As election results in the Queens district attorney’s Democratic primary race began coming in Tuesday evening, it was looking quite good for Melinda Katz, the Queens borough president who had the backing of the famous Queens machine. That supporting cast included every local member of the congressional delegation (save one), as well as the most famous ex-member, the one-time king of Queens, Joe Crowley.
Crowley lost his seat in a stunner a year ago this week, and a shock was in store for Katz, too. As the votes continued to be tallied, Tiffany Cabán, running on a radical decarceration platform, surged into the lead, and supporters of Cabán erupted. She held the lead through the night and declared victory just before midnight, with 99 percent of the precincts reporting, holding on to a lead of 1,090 votes. The outstanding precincts were all in Jackson Heights, a Cabán stronghold, and there don’t appear to be enough absentee ballots outstanding to swing the election.
A local contest that typically has low voter turnout and gets little attention from national media drew endorsements from two of the leading Democratic presidential candidates, not to mention John Legend, along with shocking, if muted, backing from the New York Times editorial board— all for underdog public defender Tiffany Cabán.
Cabán’s apparent victory is a show of force in New York for the local chapter of the Democratic Socialists of America, which worked hard for Cabán early, as well as for the Working Families Party and Real Justice PAC. Larry Krasner, the Philadelphia district attorney elected with the help of Real Justice on a similarly radical platform, was in attendance at Cabán’s election night party.
The most significant endorsement, however, likely came from Bronx and Queens Rep. Alexandria Ocasio-Cortez. The district attorney has jurisdiction over all of Queens and its some 2.4 million residents, but Cabán put up huge margins in portions of Queens represented by Ocasio-Cortez, which is both a reflection of their aligned politics and the influence of Ocasio-Cortez. A year ago, the party establishment could claim — whether it was true or not — to have been caught off guard by Ocasio-Cortez. That rationale is absent in Tuesday’s race. The eyes of the country were on Queens, and the machine was as prepared as it could be. It simply couldn’t muscle out the vote.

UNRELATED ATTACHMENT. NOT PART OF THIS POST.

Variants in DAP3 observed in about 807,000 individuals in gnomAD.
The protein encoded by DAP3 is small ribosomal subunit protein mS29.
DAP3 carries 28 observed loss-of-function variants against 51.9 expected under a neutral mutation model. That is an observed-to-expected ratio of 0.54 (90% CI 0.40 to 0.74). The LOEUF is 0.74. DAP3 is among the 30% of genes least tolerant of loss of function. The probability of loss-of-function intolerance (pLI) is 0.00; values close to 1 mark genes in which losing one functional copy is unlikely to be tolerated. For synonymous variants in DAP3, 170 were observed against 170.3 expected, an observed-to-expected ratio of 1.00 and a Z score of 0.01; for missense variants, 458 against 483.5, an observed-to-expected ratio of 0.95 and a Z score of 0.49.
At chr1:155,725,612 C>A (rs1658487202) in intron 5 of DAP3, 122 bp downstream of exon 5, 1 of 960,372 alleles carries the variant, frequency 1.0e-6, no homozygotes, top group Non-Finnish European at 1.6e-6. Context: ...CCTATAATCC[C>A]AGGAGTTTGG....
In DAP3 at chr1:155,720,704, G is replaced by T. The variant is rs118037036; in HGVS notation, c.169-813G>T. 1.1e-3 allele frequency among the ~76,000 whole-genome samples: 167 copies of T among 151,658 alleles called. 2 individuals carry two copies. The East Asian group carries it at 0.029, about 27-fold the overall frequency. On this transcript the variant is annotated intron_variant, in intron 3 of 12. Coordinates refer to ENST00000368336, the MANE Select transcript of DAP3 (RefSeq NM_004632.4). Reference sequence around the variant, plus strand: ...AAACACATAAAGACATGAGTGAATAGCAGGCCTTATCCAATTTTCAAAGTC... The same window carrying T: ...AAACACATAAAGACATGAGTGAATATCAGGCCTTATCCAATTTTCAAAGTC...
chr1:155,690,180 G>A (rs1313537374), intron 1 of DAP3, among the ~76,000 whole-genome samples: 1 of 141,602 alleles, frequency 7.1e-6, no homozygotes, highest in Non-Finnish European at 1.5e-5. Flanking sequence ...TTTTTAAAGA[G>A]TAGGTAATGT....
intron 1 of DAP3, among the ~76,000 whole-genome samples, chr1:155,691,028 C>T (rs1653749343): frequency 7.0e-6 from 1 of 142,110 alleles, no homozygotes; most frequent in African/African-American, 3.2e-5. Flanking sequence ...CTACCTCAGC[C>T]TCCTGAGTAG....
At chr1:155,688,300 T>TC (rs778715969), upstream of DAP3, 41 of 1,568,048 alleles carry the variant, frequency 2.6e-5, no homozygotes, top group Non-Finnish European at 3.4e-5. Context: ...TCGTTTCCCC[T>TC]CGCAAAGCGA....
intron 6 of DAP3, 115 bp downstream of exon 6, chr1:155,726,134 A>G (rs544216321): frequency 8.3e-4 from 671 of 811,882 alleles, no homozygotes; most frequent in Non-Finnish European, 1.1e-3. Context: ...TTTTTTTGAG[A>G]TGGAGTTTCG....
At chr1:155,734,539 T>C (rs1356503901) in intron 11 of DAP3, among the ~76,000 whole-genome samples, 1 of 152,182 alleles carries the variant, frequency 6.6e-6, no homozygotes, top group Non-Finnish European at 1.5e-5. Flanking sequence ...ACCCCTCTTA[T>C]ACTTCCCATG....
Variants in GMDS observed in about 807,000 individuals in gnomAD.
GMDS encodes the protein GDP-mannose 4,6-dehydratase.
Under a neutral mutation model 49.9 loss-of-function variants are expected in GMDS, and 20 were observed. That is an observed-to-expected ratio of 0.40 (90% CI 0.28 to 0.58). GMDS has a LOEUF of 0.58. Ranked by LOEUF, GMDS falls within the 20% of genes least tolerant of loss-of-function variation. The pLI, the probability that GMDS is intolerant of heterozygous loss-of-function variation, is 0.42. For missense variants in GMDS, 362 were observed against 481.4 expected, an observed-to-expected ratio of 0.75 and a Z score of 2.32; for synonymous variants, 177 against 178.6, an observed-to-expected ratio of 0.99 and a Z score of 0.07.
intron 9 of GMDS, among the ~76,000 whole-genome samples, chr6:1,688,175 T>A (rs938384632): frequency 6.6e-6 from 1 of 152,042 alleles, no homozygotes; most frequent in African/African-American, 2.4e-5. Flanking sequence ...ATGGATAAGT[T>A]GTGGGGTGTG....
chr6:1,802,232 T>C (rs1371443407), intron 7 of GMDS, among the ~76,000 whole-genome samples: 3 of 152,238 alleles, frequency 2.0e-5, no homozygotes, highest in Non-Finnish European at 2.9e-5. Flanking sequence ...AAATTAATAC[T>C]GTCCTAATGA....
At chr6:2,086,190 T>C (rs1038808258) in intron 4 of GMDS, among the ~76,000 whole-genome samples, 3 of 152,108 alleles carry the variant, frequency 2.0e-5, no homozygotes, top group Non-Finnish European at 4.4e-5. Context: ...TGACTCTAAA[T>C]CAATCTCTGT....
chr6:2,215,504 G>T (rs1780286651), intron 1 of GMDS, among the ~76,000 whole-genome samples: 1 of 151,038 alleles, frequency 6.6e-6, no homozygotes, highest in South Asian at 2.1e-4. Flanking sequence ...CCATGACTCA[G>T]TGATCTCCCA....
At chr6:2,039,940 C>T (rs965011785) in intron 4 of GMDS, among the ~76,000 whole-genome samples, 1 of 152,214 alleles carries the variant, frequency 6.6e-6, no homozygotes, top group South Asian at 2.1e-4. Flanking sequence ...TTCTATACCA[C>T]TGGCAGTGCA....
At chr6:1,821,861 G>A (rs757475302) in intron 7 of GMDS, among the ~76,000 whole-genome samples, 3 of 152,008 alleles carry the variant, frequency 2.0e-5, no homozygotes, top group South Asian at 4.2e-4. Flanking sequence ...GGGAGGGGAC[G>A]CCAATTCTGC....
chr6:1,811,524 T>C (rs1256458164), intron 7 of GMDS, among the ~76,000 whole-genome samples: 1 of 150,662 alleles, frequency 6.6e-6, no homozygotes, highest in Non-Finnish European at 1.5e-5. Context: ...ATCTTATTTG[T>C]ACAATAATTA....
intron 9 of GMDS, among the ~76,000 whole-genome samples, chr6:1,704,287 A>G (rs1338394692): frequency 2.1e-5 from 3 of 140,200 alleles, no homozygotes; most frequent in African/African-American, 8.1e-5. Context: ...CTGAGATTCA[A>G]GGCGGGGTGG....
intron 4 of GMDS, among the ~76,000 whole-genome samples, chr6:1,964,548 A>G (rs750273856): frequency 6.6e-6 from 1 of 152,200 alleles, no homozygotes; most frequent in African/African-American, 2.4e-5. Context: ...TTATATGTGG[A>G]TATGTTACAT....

“Take nothing for granted,” said Daeha Ko, who spent his day canvassing for Cabán in Astoria, early in the night to a fellow supporter. By the end of the night, he might have been talking to Katz.
While Cabán’s election night gathering exploded by the end of the night, Katz’s — at an Irish pub in Forest Hills — was much more muted. As the TVs turned from cheering Cabán supporters to ESPN, she left without conceding, gesturing to the absentee ballots that have yet to be counted. “Mainly they were able to get out the vote,” said Sohail Rana, a volunteer with the Katz campaign. Rana said he supports Katz because of her position on bail and her years in public office.
One of the seven candidates, New York City Councilman Rory Lancman, who led a promising campaign but dropped behind as Cabán’s campaign picked up steam, dropped out with just five days to go. After months of denouncing her for being a career politician and having no criminal courtroom experience, Lancman announced he’d be endorsing Katz. And one of the trailing candidates in the race, former D.C. Deputy Attorney General Mina Malik, told a crowd in Southeast Queens on the Thursday evening before election day that “Bernie Sanders is the reason we have Trump in the White House.”
With a few weeks to go, Katz, the favorite of the Queens Democratic machine, started sending out fliers attacking both Cabán and retired New York Supreme Court Justice Greg Lasak — a move that one strategist close to the race who declined to speak on the record described as a sign that her campaign was “running scared.” Sending out negative mail, they said, is not something a confident frontrunner would do.
But at a time when the nation is grappling with how to address the largest incarcerated population in the world, reckoning with a history of wrongful convictions that have disproportionately landed innocent black people in prison, and reimagining a rehabilitative rather than a strictly punitive justice system, the office overseeing one of New York City’s largest incarcerated populations is finally coming around to change.